Tuesday, August 29, 2017

Notes on the Occult

There are three things about the occult:

First, it’s about symbolism—but in an unusual way. The symbol does not just indicate the thing, it affects the thing. A regular symbol is like: the eagle represents America. If hurting the eagle hurt America, then you’d be moving toward the occult.

Second, while the system of symbols is (this is the literally meaning of the name) hidden—it is often hidden in plain sight. This is perhaps most purely expressed in the sentence from Twin Peaks “The owls are not what they seem”. The occult indicates a series of hidden connections between seemingly mundane things—it doesn’t just involve esoteric words and phrases, it uses ordinary words and phrases as if they had a significance we don’t give them.

It is, in this way, simply a parallel alternative to scientific explanations. Science claims that a pencil lead and a diamond have a secret connection (they are both carbon), the occult merely claims a different correspondence: this triangular window over here has a hidden connection to that man’s eye over there. Once the system of connections is understood, the whole world looks different: the investigator is living in a world full of levers to push and knobs to twist. 

Third, the system of symbols is old. It has been hidden (occulted) for a long time. In order to charge, say, an inverted triangle with occult flavor you don’t have to immediately give it a sinister meaning—just give it a meaning that goes back to ancient Babylon.



S. P. said...

I was going to contest point three before realizing there aren't any counterexamples. If a modern chaos magician invokes the Incredible Hulk to gain strength, the Hulk itself is composed of strength symbols dating back to Gilgamesh.

There's probably a whole campaign in there in unpacking how modern symbols pick up the occult detritus of the ancient symbols they reference.

FM Geist said...

I feel like there are also some great books for DM reference on this? Like off the top of my head: Foucault's Pendulum (Umberto Eco), Cyclonopedia: Complicity with Anonymous Materials (Reza Negarestani; and also The Black Gondolier by Fritz Lieber); the man who collected the first of September 1973 (Åge Bringsværd) & a host of others to like... go crazy with yr weird fever dream connections

S. P. said...

Great references! I can't believe I neglected Umberto Eco in the above comment. Also, you just introduced me to Reza Negarestani, and preliminary research makes it sound like I'm going to owe you a debt of gratitude for that one.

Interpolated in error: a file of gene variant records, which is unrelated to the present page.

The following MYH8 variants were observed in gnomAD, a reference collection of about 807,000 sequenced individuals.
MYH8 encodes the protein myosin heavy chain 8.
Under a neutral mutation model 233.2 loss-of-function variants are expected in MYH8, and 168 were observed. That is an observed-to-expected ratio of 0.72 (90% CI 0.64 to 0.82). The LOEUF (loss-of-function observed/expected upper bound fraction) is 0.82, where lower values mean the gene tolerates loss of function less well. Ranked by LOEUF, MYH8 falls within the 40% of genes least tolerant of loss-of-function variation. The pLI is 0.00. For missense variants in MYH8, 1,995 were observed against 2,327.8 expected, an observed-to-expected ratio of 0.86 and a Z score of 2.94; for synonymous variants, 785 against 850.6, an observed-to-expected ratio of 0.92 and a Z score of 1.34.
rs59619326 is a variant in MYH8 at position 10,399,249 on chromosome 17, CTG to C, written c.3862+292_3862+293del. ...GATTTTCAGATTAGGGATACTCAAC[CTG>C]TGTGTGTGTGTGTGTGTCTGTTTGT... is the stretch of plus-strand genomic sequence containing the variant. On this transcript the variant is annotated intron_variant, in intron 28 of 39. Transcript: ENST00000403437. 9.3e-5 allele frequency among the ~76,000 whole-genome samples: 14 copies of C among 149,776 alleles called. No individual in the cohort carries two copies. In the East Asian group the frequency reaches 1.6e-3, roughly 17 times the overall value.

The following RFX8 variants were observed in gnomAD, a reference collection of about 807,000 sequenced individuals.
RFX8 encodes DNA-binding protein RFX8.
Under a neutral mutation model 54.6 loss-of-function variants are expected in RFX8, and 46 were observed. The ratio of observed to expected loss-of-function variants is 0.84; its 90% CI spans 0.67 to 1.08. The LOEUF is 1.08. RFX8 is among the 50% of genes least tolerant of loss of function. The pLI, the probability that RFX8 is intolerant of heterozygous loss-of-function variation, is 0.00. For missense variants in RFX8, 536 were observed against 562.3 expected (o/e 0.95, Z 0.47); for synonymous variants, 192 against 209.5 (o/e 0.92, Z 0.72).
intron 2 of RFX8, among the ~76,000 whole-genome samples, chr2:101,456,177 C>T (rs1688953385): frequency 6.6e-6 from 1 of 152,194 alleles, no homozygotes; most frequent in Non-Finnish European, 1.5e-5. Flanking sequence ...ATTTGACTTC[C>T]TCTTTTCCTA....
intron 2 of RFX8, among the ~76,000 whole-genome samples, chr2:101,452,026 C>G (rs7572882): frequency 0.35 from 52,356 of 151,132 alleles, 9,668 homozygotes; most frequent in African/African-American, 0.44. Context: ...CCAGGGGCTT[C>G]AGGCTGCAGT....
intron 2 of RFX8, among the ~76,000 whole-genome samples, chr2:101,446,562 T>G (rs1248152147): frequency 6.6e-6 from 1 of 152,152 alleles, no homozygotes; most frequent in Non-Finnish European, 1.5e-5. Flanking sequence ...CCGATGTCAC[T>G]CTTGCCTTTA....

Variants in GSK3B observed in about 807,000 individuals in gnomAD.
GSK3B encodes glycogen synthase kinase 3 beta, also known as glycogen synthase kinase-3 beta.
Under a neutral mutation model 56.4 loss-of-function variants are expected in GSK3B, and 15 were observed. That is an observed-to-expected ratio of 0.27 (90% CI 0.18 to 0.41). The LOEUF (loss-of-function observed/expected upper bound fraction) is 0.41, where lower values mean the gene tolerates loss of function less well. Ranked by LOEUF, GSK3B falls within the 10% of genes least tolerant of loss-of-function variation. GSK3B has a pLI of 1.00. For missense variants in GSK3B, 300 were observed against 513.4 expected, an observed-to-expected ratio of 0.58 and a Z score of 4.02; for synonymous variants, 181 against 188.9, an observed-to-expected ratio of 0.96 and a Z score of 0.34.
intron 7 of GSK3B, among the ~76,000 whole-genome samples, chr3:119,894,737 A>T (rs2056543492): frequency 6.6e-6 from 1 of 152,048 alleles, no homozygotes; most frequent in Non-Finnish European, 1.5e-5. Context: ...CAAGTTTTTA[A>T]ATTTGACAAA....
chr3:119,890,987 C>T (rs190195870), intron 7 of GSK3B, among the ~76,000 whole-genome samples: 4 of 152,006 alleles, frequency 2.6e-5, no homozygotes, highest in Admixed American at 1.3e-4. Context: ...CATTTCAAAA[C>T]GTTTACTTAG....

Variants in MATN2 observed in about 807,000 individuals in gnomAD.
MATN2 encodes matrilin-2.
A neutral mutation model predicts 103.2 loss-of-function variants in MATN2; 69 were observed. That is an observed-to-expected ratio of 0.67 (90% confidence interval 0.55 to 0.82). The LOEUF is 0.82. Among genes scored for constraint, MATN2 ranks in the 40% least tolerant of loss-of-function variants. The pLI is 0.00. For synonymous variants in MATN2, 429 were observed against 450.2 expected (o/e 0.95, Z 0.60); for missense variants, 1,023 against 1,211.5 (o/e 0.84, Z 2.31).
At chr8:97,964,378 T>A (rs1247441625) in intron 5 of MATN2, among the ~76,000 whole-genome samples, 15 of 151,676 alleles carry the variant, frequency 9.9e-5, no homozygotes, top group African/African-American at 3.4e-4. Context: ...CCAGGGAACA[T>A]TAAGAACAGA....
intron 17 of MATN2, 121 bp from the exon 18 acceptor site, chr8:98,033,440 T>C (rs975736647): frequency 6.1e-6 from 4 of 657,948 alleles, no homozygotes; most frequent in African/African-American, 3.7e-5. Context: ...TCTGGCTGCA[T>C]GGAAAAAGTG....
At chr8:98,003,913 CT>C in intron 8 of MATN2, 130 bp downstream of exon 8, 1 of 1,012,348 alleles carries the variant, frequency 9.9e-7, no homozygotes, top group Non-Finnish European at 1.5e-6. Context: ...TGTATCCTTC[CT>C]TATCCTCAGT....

FM Geist said...

It's "like the Celestine prophecy except for instead of a fake journey into woo it's a bunch of elaborate jokes about critical theory and oil being sentient and having alien desires"

Also Scott R Jones "When The Stars Are Right: A Guide to Authentic R'ylehian spirituality" is less elaborate correspondences and more "making the Sanity snap in call of Cthulhu a moment for the party to really lean in and serve outer and alien majesty rather than simply roll a new character"

FM Geist said...

I think False Patrick makes a pretty good case for reading anthropology with his takes on James C Scott

djymm said...

Last Call by Tim Powers gets into the occult mindset beautifully as well.

Marvin L. said...

An interesting take on ancient symbols (though hopelessly dated by now) is the series "The Masks of God" by Joseph Campbell (more interesting than the hero with a thousand faces, anyway).

Also, for a reply to the antropological approach common in older texts ("The Golden Bough" being the seminal example), that older mystical symbolism is just a symptom of primitivism, is the "Wittgenstein
Remarks on Frazer's Golden Bough". Highly recommended on the business of making the occult feel natural and organic.

FM Geist said...

I can't believe I blanked on Frazer esp. Wittgenstein's remarks; honestly all the old anthropology is interesting (also Vivernos de Castro's Cannibal Metaphysics and Rusolfo Kusch (sp) and Fausto Reinaga if you have some passing Spanish could make for something really fucking weird... or Bataille if your table is really into sex and human sacrifice)

Sean McCoy said...

Came here to say that!